Cute chick, but we needed eggs and it’s been a long time since we’d eaten farm fresh eggs. The blue ones are laid by Aracaunas; they have noticeable feather tufts near their ears, and no tail.

The variety pack is always what you get

The variety pack is always what you get

These are all a solid orange; the Aracauna yolk is the deepest orange one at bottom right. Difference in taste? You bet. If you can get fresh eggs locally; do it.

Regular grocery store eggs are never this orange

Regular grocery store eggs are never this orange

 

 

 

 

Out and About Along the Mid-Coast

We have a date! A launch date that is: Thursday June 4 at noon at the Pine St launching ramp in Waldoboro. Maine Cat wanted us to bring Ms. Ortolan down river to the mooring at Broad Cove so we would get to watch the process from factory pickup, along Rte 32 (often marked “Frost Heave”) to the all-tide launch ramp. The tide range would be 11 ft that day!! The other day on our way to Friendship to sight-see and beach-comb we stopped to scope out the ramp. High tide coincides with launch time; excellent planning!

Low tide at the launch ramp

Low tide at the launch ramp

Too late I thought to mark where we are. Find the red dot for Nobleboro; below it and south of Rte 1 is Pemaquid Pond (not labeled) we are near the top on the right hand shore.

Mid-Coast: Brunswick through Penobscot Bay

Mid-Coast: Brunswick through Penobscot Bay

Over the past month we’ve had time for sightseeing, hiking, checking out the local egg selections and lobster offerings. We’ve enjoyed a front row seat for a wedding and reception at the campground; decidedly low-budget but everyone was enjoying the warm sunny day. Those who could, came with their campers for the night.

Fort Edgecomb on Sheepscot River by Wiscasset

Fort Edgecomb on Sheepscot River by Wiscasset

We brought a picnic lunch and were happy to find picnic tables overlooking the bluff-perfect.

Sheepscot River- no vessel would get past the fort

Sheepscot River- no vessel would get past the fort

 

The best around!

The best around!

 

first of the season- he or she?

first of the season- he or she?

Aboca Beads sits on Main St Damariscotta along with an inviting selection of shops, cafes, barber shops, salons, and a fantastic book store that is up for sale. Naturally I had to visit the bead shop and then we walked around, coming upon a small lobster shack selling a variety of lobster items and fresh ones for $9/lb. As high as that price is, it was less than the $10.49 we’d seen and passed on at another place.

But for our money we got lobster learned. I never thought about it, but the larger claw can be on either side so lobsters can be left or right-handed as well as soft or hard and male or female.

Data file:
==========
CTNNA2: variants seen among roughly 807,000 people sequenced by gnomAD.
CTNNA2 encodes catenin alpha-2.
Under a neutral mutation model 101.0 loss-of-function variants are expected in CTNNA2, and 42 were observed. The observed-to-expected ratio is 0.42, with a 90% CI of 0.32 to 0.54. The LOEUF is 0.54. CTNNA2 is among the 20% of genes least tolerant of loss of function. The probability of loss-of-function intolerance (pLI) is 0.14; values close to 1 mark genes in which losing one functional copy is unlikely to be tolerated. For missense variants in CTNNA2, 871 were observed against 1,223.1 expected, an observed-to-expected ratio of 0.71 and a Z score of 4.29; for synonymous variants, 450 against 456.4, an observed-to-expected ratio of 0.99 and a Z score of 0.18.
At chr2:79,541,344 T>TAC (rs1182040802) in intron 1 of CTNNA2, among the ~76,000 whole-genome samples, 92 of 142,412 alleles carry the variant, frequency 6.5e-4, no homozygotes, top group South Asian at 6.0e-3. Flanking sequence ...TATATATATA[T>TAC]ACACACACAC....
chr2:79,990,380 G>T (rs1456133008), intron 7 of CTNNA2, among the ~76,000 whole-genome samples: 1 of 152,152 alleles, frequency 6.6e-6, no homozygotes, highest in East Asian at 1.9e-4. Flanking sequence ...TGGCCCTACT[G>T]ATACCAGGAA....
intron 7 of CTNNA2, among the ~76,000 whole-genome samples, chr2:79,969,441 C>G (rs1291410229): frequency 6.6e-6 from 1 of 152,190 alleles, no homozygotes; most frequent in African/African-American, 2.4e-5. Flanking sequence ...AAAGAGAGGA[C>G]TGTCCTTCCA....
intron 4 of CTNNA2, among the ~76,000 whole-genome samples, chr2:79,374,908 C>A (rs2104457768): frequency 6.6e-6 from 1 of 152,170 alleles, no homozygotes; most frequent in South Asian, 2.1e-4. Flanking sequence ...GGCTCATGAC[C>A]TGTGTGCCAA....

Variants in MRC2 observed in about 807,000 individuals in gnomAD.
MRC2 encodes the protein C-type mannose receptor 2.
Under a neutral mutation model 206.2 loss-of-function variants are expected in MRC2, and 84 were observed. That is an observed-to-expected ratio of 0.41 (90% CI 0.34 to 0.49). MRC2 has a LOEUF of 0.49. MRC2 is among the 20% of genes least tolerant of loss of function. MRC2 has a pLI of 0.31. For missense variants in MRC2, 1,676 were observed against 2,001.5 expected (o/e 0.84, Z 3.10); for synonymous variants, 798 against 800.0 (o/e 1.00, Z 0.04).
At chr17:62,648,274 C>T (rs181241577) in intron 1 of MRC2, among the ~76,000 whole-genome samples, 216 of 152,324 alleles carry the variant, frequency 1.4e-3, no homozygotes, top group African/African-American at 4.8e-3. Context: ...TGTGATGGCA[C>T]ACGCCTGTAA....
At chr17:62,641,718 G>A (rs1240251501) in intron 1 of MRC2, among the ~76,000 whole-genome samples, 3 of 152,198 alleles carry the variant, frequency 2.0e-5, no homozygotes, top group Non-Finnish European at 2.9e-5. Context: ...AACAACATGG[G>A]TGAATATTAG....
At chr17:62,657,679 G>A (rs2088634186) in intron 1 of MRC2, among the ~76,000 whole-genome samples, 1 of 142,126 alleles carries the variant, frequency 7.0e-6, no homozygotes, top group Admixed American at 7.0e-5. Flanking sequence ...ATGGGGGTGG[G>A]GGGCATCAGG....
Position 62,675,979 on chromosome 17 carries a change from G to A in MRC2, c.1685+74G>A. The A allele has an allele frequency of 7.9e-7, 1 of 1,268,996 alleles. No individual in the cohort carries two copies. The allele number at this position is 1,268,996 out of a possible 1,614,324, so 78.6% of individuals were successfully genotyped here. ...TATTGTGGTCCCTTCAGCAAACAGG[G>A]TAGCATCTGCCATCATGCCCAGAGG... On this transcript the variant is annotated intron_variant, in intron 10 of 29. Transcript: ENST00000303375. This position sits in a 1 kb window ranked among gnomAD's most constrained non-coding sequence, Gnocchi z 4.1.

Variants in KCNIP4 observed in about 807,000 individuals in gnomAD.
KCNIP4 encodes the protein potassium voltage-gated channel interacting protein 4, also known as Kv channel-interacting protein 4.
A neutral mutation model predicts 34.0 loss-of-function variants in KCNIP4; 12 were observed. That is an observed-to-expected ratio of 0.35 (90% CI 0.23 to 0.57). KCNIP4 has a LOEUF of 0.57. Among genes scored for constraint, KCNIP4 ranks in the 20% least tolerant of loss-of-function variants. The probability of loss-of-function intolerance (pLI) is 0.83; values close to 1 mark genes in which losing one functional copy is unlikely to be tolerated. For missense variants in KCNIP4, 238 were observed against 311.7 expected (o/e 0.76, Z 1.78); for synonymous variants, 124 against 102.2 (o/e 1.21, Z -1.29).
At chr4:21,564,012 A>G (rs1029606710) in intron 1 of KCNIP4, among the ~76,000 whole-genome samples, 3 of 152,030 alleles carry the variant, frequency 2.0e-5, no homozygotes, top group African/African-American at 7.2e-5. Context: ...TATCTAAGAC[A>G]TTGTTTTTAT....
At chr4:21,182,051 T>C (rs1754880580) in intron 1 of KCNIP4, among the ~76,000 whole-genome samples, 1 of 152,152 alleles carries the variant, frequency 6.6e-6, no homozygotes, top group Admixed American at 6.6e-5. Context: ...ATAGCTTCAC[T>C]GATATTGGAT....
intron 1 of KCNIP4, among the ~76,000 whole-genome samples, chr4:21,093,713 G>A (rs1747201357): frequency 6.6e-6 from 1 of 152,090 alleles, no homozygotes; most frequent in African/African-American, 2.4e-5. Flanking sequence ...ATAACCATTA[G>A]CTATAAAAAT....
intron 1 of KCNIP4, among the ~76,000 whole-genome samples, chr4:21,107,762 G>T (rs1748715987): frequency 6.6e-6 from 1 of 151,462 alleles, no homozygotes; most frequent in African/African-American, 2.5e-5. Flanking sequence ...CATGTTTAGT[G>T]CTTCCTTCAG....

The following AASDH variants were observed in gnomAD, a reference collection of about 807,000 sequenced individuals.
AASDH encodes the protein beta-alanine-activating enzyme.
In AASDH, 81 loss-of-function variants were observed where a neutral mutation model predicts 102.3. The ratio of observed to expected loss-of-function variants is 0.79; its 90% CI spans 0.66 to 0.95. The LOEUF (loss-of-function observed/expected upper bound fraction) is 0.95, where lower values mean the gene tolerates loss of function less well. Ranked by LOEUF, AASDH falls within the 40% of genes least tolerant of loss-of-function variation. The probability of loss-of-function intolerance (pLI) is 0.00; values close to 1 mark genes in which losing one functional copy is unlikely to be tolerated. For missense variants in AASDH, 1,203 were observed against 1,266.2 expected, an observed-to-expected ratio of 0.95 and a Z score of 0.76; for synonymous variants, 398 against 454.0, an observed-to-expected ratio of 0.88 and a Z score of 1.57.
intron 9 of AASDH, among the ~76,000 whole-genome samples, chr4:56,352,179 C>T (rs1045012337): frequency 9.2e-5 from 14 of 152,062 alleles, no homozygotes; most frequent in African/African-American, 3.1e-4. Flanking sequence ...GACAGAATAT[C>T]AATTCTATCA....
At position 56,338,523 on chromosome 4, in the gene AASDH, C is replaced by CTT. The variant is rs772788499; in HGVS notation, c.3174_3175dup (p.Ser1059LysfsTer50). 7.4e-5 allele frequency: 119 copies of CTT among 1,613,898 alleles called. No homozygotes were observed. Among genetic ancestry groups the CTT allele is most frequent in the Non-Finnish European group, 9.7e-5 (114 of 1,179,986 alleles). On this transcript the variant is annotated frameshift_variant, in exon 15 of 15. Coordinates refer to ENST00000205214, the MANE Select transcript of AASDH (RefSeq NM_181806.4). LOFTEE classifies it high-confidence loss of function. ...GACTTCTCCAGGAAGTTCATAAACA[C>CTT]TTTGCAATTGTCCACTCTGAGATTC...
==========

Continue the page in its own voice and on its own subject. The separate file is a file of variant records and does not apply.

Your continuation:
Caution- LOW ceiling

Caution- LOW ceiling

While I hit the bead shop Russ ducked into this barber shop; formerly the customs house many years ago when this waterfront space was only a large dock overlooking the harbor between Damariscotta and Newcastle. In another incarnation it operated as a seafood market and the owners poured concrete, which raised the floor. A small eatery then came along, flooring added, so now anyone over 6 ft tall needs to stoop and grab a chair fast.

Complicated bottle return at Hannaford

Complicated bottle return at Hannaford

 

All this for returns at 5 to 15 cents each??

All this for returns at 5 to 15 cents each??

 

The campground (surprisingly) does not recycle but we always have plenty to recycle and wanted to find place to take it.

Maine is serious about recycling (or keeping the roadsides clean) and levies a 15 cent deposit on wine and hard booze. We generally don’t bother with returning bottles, just recycle them with all the rest.

But get a load of the lengthy return  process that one smart company talked Hannaford into. Buy a special bag, get a card, bring your bag in, and days later when your returns are processed you get credit for the bag cost and the bottle deposits. I think that’s the simple explanation. If you only have a few bottles, you can see customer service to get a smaller bag.  The other option is taking your bottles to a redemption center and wait in line. We are collecting our returnables and will  visit a center before we leave here. The store provides bins for other plastic, glass and paper items so we bring a bag every trip.

Whaleback Shell Midden- exposed shells after artifact digging

Whaleback Shell Midden- exposed shells after artifact digging

 

Larger shell midden across the river

Larger shell midden across the river

 

lobster traps recycling

lobster traps recycled into unique seating

 

Lobster club at Happy Clam

Lobster club at Happy Clam

After visiting Port Clyde and the Marshall Point Lighthouse, we needed lunch! Tenant’s Harbor, a few miles away in the direction we needed to go, offered one dining option and we took it. Russ chose the Lobster Club and I must say, from the tiny nibble I was allowed, it was darn tasty!

 

The  Rising Tide Community Market in Damariscotta

The Rising Tide Community Market in Damariscotta

Rising Tide felt just like Foodworks in Old Saybrook and even more so like the Middlebury, VT Natural Foods Co-op; the only thing missing was Benj, Lily and a busy deli counter!